A busy executive, his day filled with meetings, phone messages, and emails, rises each morning at 5 am to spend a quiet hour in his garden, practicing the art of bonsai. His goal: to focus his mind so totally on the bonsai that he creates a void. That way, whenever a problem arises during his business day, a solution will arrive instantaneously. According to Keri Pearlson, 41, and Ray Yeh, 60, professors in the business school at the University of Texas at Austin, this executive is working and living in "Zero Time." "Zero Time means that when something needs to happen, it can happen immediately," Pearlson explains. Adds Yeh: "Zero Time is not only about the compression of time. It's about the ability to react instantaneously, to provide value for every customer at every opportunity. Without the Internet, you can't be Zero Time — period." Pearlson and Yeh are pioneering the Zero Time Project at the UT-affiliated IC2 Institute, where they conduct case studies on Zero Time competition. Becoming a Zero Time company, they argue, means mastering five critical disciplines.
Zero Value GapThe world of Zero Time actually starts with negative time. "Recently, I was working with a mortgage company," Pearlson says. "Like most mortgage companies, this one takes weeks to handle the paperwork on an application. A Zero Time mortgage company would anticipate what needs to happen on a mortgage — before a customer applies for one. But most mortgage companies don't start the approval process until a customer asks for a mortgage. They don't operate in negative time." In fact, Pearlson says, companies can extend the Zero Value Gap discipline even further: "If you know what your customer's customer wants, then you know what your customer wants," Pearlson explains. "If you know what your customer wants, then you can anticipate that want and be prepared to satisfy it."
Zero Learning LagReal learning ability, say Pearlson and Yeh, enables companies to convert knowledge into customer value instantly. That means mastering three types of learning: stealth learning, just-in-time learning, and rapid learning. "Stealth learning happens when learning is built into the work process itself," explains Pearlson. "Just-in-time learning comes when you realize that you need to learn something specific, and you go and get that learning. Rapid learning happens when you attend a course or training session to get information that you'll need to improve your general performance."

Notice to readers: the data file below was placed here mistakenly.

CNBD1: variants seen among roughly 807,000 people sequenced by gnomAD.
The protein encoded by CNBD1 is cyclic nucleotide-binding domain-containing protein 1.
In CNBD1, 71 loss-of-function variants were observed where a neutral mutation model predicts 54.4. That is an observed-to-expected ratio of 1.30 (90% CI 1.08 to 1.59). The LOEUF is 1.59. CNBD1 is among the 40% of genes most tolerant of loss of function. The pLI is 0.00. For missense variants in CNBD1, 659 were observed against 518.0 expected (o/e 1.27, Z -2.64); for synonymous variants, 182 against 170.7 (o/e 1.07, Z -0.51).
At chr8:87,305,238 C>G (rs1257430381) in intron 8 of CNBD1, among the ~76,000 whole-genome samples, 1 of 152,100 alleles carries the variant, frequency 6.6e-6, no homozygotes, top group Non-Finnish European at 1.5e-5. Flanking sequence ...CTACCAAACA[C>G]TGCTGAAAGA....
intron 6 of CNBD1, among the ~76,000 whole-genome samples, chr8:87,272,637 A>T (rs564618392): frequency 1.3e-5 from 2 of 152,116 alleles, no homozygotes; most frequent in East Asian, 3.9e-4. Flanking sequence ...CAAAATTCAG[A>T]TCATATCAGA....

Zero ManagementThe concept of Zero Management comes from holography. "If you look at a hologram, you see a two-dimensional picture," explains Pearlson. "If you slice the hologram in half, each piece will contain all of the information in the original picture." The same principle applies to a Zero Management company: Every part of the company will contain the entire organization's information, knowledge, and capacity for action.
Zero Resistance"Not long ago, I was scheduled to fly from Taipei to Singapore on Singapore Airlines," says Yeh. "When I got to the ticket counter, the service representative asked which frequent-flier program I wanted to assign my miles to. I thought that this was an exceptional piece of service. But when I mentioned it to the company's vice president of operations, he told me it was standard operating procedure." The work processes in that company are designed so that there is zero resistance to serving customers.
Zero ExclusionA Zero Time company includes all relevant parties in its key planning and decision-making processes. "You involve your suppliers, your customers, and your customers' customers," says Pearlson. "You share information both internally and externally." Yeh cites Intel as an example of a Zero Exclusion company. "Intel considers its entire market as an ecosystem," he says. "It shares information with its distributors and with the CIOs of large companies — in other words, with its customers' customers. Intel realizes that its customers' customers aren't buying computers — they're buying a technology direction." What makes Zero Time a compelling new business model? "In the 21st century, time is the independent variable — the variable that drives everything else," Yeh says. "It used to take 20 years to become a $1 billion company. Now it takes as little as 3 years. How do you capture this compression of time in a way that enables your organization to evolve? By becoming a Zero Time company. There's no other choice. Things are moving too fast." You can reach Keri Pearlson (email@example.com) and Ray Yeh (firstname.lastname@example.org) by email, or visit the Zero Time Project on the Web (www.bus.utexas.edu/~pearlson/zerotime).
A version of this article appeared in the Prototype Issue issue of Fast Company magazine.